The Investigating Officer of Mr Carter’s complaint acknowledged to Mr Carter that it must have been “awful” for him to come back to his home when it had appeared to have been broken into and the damage caused was in fact from Police Officers. The said Complaint Investigator also confirmed that it was even worse that the said Police Officers did this whilst Mr Carter was in custody and that the said Police Officers involved should have checked the Police National Computer (PNC) which would have shown that Mr Carter would have been in custody and not at the said address. Regardless of this, the Investigating Officer said that the attending Police Officers should have left documents to show that they had forced entry into his residential caravan prior to leaving and for this the Complaint Investigator offered his apologies to Mr Carter.
Although disappointed that Lincolnshire Constabulary only offered management action to the involved Police Officers, Mr Carter did not wish to appeal such a finding so that he could now focus upon his compensation claim for recourse in respect of repairing the significant damage caused to his home and the infringement of his privacy and trespass to his property / land particularly as his complaint had been upheld and an apology offered to him. Mr Carter confirmed that due to the quotes he provided to the Complaint Investigator being from companies whom could not offer a colour match on his residential caravan panels and window frames due to the age of the said caravan, he would rather the said monies to be paid out to him directly as part of his compensation claim so that he can restore the caravan back to how it was before these Police Officers did what they did to his home. Until then, Mr Carter had undertaken temporary repairs to make the said caravan a liveable premises until this claim concluded.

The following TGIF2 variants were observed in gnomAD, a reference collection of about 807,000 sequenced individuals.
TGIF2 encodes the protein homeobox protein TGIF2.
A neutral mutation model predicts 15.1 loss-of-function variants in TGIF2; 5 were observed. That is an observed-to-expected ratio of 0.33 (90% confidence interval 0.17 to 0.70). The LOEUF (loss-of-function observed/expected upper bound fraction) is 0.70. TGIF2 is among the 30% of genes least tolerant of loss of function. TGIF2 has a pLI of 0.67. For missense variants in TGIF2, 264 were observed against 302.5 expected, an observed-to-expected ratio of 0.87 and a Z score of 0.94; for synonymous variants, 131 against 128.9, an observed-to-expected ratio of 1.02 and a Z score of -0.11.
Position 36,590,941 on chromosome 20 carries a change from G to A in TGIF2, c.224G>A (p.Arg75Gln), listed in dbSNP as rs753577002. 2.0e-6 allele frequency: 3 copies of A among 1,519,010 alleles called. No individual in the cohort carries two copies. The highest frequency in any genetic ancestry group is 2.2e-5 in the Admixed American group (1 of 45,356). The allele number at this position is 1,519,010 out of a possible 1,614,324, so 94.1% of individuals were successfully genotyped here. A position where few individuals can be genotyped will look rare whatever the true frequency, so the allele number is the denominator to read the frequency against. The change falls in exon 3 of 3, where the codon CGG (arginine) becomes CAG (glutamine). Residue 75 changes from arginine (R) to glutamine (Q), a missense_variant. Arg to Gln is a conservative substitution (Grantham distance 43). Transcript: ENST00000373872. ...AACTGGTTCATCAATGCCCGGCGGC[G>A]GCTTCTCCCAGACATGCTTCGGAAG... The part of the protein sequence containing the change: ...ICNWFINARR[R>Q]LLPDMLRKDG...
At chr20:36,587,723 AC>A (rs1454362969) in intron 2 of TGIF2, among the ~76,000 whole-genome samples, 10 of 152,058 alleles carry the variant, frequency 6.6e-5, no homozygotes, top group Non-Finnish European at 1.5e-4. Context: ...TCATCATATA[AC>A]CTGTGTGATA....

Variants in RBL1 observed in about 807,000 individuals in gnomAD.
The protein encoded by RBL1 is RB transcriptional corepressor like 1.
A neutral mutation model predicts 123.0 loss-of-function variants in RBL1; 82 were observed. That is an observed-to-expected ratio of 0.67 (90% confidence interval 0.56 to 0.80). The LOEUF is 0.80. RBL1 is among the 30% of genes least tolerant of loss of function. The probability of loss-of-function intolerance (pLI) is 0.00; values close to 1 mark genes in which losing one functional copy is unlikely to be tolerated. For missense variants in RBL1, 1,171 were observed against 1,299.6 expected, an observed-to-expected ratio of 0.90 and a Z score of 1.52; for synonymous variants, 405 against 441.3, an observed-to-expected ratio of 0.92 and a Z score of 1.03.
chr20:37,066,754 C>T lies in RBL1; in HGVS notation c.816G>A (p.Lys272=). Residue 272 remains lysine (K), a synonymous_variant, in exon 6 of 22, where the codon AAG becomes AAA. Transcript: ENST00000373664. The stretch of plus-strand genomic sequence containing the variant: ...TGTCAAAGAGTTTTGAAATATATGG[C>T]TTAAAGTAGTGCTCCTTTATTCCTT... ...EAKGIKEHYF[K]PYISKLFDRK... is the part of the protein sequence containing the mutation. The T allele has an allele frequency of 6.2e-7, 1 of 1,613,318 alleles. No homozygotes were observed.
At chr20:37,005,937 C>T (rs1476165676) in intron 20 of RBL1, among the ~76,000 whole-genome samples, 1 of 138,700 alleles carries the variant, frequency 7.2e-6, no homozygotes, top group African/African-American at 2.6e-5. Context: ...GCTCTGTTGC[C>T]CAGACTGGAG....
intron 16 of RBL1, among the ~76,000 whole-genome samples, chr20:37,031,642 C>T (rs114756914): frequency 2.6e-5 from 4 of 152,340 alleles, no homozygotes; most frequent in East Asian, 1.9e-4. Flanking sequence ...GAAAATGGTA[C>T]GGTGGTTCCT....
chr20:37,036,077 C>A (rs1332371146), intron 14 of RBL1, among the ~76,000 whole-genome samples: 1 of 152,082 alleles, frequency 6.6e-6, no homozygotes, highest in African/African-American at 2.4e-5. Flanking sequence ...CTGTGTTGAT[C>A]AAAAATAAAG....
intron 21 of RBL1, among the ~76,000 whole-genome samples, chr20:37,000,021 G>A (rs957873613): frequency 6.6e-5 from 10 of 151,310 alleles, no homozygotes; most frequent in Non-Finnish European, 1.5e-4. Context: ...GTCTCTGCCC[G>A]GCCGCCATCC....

It is clear that Lincolnshire Constabulary accepted that there was a PNC marker created after Mr Carter had handed himself into custody at Lincolnshire Custody Suite following this outstanding warrant for his arrest. Further to this, it is acknowledged that there was damage caused to Mr Carter’s residential caravan and it was left insecure when the said attending Police Officers left the premises and in addition to this, those said Police Officers also failed to leave any paperwork for Mr Carter neither.